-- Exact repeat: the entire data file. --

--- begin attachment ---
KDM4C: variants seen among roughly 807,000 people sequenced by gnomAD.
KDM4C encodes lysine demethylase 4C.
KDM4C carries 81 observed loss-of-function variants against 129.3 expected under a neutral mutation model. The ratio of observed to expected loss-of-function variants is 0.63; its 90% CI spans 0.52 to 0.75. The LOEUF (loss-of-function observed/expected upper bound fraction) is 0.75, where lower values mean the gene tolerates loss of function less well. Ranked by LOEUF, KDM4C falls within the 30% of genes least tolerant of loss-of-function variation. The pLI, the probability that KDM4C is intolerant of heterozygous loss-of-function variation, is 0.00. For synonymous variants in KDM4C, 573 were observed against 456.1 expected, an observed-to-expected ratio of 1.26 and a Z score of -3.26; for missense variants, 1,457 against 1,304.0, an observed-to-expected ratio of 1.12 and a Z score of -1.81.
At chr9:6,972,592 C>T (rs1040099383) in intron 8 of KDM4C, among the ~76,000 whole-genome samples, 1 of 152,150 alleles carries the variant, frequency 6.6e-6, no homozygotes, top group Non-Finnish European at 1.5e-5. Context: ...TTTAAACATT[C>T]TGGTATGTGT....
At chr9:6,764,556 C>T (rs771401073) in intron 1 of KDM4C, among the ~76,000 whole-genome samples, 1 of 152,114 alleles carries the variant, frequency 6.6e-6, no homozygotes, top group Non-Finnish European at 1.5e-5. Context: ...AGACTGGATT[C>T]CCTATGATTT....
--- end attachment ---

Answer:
KDM4C: variants seen among roughly 807,000 people sequenced by gnomAD.
KDM4C encodes lysine demethylase 4C.
KDM4C carries 81 observed loss-of-function variants against 129.3 expected under a neutral mutation model. The ratio of observed to expected loss-of-function variants is 0.63; its 90% CI spans 0.52 to 0.75. The LOEUF (loss-of-function observed/expected upper bound fraction) is 0.75, where lower values mean the gene tolerates loss of function less well. Ranked by LOEUF, KDM4C falls within the 30% of genes least tolerant of loss-of-function variation. The pLI, the probability that KDM4C is intolerant of heterozygous loss-of-function variation, is 0.00. For synonymous variants in KDM4C, 573 were observed against 456.1 expected, an observed-to-expected ratio of 1.26 and a Z score of -3.26; for missense variants, 1,457 against 1,304.0, an observed-to-expected ratio of 1.12 and a Z score of -1.81.
At chr9:6,972,592 C>T (rs1040099383) in intron 8 of KDM4C, among the ~76,000 whole-genome samples, 1 of 152,150 alleles carries the variant, frequency 6.6e-6, no homozygotes, top group Non-Finnish European at 1.5e-5. Context: ...TTTAAACATT[C>T]TGGTATGTGT....
At chr9:6,764,556 C>T (rs771401073) in intron 1 of KDM4C, among the ~76,000 whole-genome samples, 1 of 152,114 alleles carries the variant, frequency 6.6e-6, no homozygotes, top group Non-Finnish European at 1.5e-5. Context: ...AGACTGGATT[C>T]CCTATGATTT....